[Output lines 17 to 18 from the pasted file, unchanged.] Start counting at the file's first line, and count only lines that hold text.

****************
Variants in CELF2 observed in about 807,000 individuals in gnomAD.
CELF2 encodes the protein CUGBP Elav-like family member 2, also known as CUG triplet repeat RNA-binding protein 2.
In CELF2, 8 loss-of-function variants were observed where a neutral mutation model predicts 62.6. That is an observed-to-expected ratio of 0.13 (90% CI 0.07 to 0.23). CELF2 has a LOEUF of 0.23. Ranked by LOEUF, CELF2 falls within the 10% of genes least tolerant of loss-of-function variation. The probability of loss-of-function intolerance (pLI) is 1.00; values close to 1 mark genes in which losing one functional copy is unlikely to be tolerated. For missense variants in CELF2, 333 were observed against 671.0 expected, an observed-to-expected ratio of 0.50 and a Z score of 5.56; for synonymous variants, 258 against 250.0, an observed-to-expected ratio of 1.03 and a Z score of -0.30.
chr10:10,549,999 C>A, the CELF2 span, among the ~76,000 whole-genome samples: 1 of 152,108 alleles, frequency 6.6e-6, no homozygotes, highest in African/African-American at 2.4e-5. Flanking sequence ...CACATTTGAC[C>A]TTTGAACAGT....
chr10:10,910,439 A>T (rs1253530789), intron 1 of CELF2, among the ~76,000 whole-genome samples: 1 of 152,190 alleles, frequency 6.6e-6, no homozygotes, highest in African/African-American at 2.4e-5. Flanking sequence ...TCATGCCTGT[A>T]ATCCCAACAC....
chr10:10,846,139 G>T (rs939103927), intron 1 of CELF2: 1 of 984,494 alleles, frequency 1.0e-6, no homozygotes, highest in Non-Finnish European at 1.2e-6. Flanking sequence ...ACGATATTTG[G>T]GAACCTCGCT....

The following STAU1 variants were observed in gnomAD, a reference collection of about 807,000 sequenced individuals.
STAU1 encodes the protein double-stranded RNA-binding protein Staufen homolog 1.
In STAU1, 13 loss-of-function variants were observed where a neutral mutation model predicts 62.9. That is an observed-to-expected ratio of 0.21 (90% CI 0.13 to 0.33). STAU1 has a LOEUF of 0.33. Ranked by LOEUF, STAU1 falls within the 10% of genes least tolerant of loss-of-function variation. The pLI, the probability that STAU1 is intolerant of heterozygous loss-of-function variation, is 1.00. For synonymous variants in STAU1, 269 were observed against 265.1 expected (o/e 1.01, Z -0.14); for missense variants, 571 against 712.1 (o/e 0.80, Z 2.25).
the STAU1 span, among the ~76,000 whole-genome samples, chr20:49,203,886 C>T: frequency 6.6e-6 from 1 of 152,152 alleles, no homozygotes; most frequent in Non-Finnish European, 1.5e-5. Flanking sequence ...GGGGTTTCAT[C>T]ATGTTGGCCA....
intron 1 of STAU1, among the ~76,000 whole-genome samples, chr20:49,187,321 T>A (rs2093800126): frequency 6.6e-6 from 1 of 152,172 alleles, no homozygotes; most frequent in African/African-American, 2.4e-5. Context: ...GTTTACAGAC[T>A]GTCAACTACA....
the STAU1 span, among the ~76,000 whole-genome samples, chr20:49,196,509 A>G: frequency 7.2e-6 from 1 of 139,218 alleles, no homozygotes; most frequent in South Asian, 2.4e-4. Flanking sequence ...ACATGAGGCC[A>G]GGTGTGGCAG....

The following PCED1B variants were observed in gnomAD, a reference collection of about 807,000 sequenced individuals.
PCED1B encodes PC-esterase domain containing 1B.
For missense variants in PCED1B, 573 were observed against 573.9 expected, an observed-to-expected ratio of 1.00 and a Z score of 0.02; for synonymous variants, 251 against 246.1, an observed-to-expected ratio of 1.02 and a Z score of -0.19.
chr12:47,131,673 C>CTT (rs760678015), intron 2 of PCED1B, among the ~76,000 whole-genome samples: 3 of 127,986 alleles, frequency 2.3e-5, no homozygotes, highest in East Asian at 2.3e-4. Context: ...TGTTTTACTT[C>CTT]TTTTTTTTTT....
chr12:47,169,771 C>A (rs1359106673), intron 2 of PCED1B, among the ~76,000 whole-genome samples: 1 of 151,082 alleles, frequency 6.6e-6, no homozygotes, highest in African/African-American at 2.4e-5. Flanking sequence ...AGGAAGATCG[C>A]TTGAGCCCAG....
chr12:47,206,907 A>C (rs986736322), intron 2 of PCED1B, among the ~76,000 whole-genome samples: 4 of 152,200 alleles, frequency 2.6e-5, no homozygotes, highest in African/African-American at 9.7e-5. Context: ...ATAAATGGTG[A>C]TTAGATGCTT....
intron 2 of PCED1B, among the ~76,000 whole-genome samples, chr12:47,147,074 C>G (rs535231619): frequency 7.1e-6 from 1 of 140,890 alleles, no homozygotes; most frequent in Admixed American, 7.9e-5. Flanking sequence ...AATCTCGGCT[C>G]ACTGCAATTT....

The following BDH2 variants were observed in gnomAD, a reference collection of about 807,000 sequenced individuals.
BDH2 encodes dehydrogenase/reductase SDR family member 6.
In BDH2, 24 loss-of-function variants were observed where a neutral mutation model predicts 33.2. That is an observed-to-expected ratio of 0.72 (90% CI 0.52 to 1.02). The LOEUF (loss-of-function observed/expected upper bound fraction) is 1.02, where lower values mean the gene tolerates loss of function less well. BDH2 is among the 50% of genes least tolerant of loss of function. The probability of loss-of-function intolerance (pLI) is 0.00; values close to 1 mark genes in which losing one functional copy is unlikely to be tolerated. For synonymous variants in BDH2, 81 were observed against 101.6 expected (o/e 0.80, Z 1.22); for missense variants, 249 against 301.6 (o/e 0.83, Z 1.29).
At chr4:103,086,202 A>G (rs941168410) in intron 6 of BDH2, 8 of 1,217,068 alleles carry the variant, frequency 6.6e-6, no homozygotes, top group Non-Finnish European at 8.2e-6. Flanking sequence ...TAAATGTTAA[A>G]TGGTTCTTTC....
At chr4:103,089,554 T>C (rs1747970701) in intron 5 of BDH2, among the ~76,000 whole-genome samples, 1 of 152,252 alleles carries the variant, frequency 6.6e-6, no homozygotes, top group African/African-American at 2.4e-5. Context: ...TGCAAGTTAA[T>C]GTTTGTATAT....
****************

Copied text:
chr12:47,169,771 C>A (rs1359106673), intron 2 of PCED1B, among the ~76,000 whole-genome samples: 1 of 151,082 alleles, frequency 6.6e-6, no homozygotes, highest in African/African-American at 2.4e-5. Flanking sequence ...AGGAAGATCG[C>A]TTGAGCCCAG....
chr12:47,206,907 A>C (rs986736322), intron 2 of PCED1B, among the ~76,000 whole-genome samples: 4 of 152,200 alleles, frequency 2.6e-5, no homozygotes, highest in African/African-American at 9.7e-5. Context: ...ATAAATGGTG[A>C]TTAGATGCTT....